That is an annual prize for the best Dutch book about wildlife. It is named after Dutch visual artist and author Jan Wolkers, who was keenly interested in natural history. Jan’s widow Karina is one of the members of the jury.

There was a shortlist of five books. The winner was De grutto [The black-tailed godwit], by Albert Beintema.

Milouska Meulens, Albert Beintema, Menno Bentveld

This photo shows Mr Beintema with his prize between the presenters of the Vroege Vogels radio show, Ms Milouska Meulens and Menno Bentveld, on the staircase of the Lakenhal museum in Leiden, where the winner was announced.

The other four nominees were:

Botanische Revolutie, by Norbert Peeters. It is about Charles Darwin’s significance as a botanist.

Dit is mijn hof – by Chris de Stoop; about farmland in Zeeland province.

In krabbengang door kreeftenboeken – by Alex Alsemgeest and Charles Fransen. It is about the big valuable collection in Naturalis museum of books on crabs, lobsters and their relatives.

– Zoektocht naar het paradijs – Arita Baaijens. It is about Ms Baaijens’ journey to the Altai mountains.

Three of the five (or: four of the six, as the crabs book is by two authors) nominees lectured on their work on that 16 October in the Lakenhal museum. I will report on these three lectures, by Ms Baaijens, by misters Alsemgeest and Fransen, and by Mr Beintema, in separate blog posts.

Norbert Peters did not lecture in the Lakenhal, but guided his readers in a tour of the botanical garden. Chris de Stoop was not present.

Tyrannosaurus rex in Dutch museum, video

This 9 September 2016 Dutch video shows Tyrannosaurus rex fossil Trix, which arrived recently in Naturalis museum in Leiden in the Netherlands.

Modern classical music in medieval Dutch church

Choir in Hooglandse Kerk, 10 September 2016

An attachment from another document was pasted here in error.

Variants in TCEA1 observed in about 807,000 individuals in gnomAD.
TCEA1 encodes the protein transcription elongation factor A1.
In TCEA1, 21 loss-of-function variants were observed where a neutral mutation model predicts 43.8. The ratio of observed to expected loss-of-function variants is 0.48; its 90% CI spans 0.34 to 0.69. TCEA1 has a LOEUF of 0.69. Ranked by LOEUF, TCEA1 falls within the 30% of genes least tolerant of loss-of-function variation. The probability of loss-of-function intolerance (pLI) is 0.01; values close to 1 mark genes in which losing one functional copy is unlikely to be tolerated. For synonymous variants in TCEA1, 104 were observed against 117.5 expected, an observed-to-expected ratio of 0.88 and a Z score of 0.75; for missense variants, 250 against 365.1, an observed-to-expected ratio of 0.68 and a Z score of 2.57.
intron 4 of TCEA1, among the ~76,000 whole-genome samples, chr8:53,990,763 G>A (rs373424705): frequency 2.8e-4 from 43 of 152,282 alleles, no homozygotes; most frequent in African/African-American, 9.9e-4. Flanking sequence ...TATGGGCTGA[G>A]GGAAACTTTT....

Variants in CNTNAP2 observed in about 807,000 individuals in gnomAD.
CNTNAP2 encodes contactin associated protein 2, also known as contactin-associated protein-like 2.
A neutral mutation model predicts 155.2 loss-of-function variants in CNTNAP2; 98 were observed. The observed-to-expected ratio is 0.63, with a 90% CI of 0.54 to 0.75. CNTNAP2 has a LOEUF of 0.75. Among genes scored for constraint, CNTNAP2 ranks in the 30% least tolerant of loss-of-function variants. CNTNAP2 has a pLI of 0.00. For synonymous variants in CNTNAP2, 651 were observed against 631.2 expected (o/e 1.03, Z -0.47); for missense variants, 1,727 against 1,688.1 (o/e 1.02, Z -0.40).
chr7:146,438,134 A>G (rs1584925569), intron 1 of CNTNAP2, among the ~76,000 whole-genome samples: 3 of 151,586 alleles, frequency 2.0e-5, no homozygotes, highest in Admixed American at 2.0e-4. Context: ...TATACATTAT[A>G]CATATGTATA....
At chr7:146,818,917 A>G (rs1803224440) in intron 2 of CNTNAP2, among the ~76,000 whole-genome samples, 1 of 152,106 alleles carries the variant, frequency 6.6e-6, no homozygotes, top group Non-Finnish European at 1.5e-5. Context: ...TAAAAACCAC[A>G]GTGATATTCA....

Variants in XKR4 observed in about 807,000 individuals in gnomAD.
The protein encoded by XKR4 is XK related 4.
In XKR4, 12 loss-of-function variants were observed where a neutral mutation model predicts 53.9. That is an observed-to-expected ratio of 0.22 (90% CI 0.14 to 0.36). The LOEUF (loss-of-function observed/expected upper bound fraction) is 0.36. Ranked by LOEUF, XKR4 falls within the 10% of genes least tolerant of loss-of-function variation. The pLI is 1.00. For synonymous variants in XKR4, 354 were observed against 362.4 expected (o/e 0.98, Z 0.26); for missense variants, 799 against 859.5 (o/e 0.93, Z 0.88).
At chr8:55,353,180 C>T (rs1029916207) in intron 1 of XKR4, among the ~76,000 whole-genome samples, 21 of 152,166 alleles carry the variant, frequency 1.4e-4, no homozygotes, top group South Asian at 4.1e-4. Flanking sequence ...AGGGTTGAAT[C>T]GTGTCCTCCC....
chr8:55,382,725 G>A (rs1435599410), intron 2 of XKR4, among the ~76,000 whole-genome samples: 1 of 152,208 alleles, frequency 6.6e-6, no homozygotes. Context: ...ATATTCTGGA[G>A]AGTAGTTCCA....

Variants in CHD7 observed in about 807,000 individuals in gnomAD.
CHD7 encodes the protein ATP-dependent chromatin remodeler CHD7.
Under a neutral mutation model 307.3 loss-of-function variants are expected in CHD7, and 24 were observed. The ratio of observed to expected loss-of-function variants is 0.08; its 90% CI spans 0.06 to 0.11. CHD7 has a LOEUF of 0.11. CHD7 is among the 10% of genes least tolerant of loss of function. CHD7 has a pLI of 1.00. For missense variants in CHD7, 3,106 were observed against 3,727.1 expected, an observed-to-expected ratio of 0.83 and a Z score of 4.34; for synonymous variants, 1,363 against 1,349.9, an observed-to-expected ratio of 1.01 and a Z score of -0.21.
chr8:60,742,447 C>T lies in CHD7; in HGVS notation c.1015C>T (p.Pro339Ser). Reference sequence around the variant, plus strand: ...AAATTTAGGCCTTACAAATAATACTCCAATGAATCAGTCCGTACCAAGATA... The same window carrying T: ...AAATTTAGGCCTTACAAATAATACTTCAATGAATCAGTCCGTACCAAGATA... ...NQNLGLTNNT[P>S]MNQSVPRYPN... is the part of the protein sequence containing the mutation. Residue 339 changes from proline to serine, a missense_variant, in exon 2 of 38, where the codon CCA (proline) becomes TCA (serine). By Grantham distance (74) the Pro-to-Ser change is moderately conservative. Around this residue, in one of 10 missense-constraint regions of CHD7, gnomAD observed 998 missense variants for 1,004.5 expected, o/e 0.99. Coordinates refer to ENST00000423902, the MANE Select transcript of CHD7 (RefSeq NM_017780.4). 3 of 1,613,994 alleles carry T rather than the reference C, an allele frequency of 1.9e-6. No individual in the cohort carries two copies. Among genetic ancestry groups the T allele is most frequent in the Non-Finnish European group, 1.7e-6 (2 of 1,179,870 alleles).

This photo shows the Leids Kamerkoor choir performing in the Hooglandse Kerk, St. Pancras church in Leiden, the Netherlands. Like all photos in this blog post, this is a cellphone photo.

We heard the choir there on 10 September 2016, Heritage Day.

Hooglandse kerk windows, 10 September 2016

The church was built in the late middle ages. It is in Gothic style, as one can see from the tall windows.

Buildings through Hooglandse kerk windows, 10 September 2016

Through the windows, one can see the buildings around the church; many of them ancient as well.

Tombstone, 10 September 2016

On the church floor, many tombstones, from, eg, the seventeenth and eighteenth centuries. Some of them still legible; some so worn that they are now illegible; some in which a few letters are still legible, like on the left of this photo. The window reflects on the church floor in this photo.

Light through windows, 10 September 2016

Beautiful late summer light through the windows.

The Leids Kamerkoor choir on this 10 September sang twentieth and twenty-first century classical music, from, eg, Dutch and Canadian composers.

In this 2015 video from a concert in Tampere, Finland, the Leids Kamerkoor sang nineteenth century music: “Die Nachtigall” (The Nightingale), by Mendelssohn.

Leiden Naturalis museum, just before big changes

In this 31 August Dutch video, guide Auke-Florian shows people around Naturalis Biodiversity Center in Leiden for the last time before the start of a big reconstruction of the museum buildings; meant to accommodate newly arrived big Tyrannosaurus and Triceratops fossils etc.

Naturalis butterfly collection: here.